That led Dr. Zehbe to approach Dr. Pam Wakewich, a co-investigator on the study and Director of the Centre for Rural and Northern Health Research at Lakehead University. She recommended Dr. Zehbe approach Dr. Sameshima about integrating art into the education part of the project.
Dr. Sameshima came up with wool felting of styrofoam balls, the balls representing HPV —work that would be done during the education sessions in an attempt to increase dialogue and communication.
This was tried as a pilot in one of the 10 partner communities and the aim was for the participants to metaphorically take charge of their own wellbeing by creating their own design through felting the HPV balls, she said.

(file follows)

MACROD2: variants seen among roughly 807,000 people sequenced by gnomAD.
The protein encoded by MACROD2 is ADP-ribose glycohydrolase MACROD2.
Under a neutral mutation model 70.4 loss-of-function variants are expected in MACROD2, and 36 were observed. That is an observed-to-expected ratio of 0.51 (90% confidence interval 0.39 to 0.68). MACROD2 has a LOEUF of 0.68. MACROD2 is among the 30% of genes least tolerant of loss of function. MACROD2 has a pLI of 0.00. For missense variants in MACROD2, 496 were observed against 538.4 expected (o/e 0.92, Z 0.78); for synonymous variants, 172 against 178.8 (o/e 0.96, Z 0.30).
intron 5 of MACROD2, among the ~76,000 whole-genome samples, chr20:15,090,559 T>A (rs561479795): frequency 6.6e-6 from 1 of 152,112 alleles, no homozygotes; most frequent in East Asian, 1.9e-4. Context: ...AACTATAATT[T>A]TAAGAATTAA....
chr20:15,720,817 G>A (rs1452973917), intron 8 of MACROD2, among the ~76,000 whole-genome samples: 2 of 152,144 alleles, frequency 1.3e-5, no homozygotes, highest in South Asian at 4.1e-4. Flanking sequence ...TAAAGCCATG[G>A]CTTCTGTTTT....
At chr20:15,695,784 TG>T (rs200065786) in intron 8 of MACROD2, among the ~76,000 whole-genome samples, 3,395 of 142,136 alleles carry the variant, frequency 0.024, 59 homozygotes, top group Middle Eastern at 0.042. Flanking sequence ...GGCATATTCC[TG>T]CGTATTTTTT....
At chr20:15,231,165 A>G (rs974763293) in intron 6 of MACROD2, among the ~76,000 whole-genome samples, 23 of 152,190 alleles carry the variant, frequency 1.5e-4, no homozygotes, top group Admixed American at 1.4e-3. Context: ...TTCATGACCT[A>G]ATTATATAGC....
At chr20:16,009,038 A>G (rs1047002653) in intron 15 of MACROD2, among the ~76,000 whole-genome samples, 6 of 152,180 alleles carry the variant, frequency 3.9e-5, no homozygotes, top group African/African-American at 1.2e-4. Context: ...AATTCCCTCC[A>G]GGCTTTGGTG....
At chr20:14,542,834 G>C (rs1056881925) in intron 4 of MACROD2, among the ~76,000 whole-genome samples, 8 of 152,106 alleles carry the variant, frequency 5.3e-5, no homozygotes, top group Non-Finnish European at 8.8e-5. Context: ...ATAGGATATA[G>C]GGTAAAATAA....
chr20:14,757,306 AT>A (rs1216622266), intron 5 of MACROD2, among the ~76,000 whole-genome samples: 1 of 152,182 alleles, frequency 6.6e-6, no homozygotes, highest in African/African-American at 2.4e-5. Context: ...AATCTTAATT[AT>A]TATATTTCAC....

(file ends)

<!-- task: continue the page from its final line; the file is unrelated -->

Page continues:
What ensued was almost magical. At the outset, there are two sides – researchers on one side, community participants listening to them on the other. Then the balls come out, the felting begins, even as a power point plays informing the participants about cervical cancer and screening, and everyone comes together in the circle as they work with questions and discussion flowing between the researchers and community members. The line between the researchers and community members disappears as each works on their ball, chatting as they do.
“The difference in the amount of back and forth dialogue between the time people were felting and the time we didn’t use felting, was phenomenal,” said Dr. Sameshima. “At the end of the felting, when all the balls were out, there was a real sense of community. We probably all have the virus in us, it’s dangerous for some, not dangerous for others, but as a group we can all care for one another.”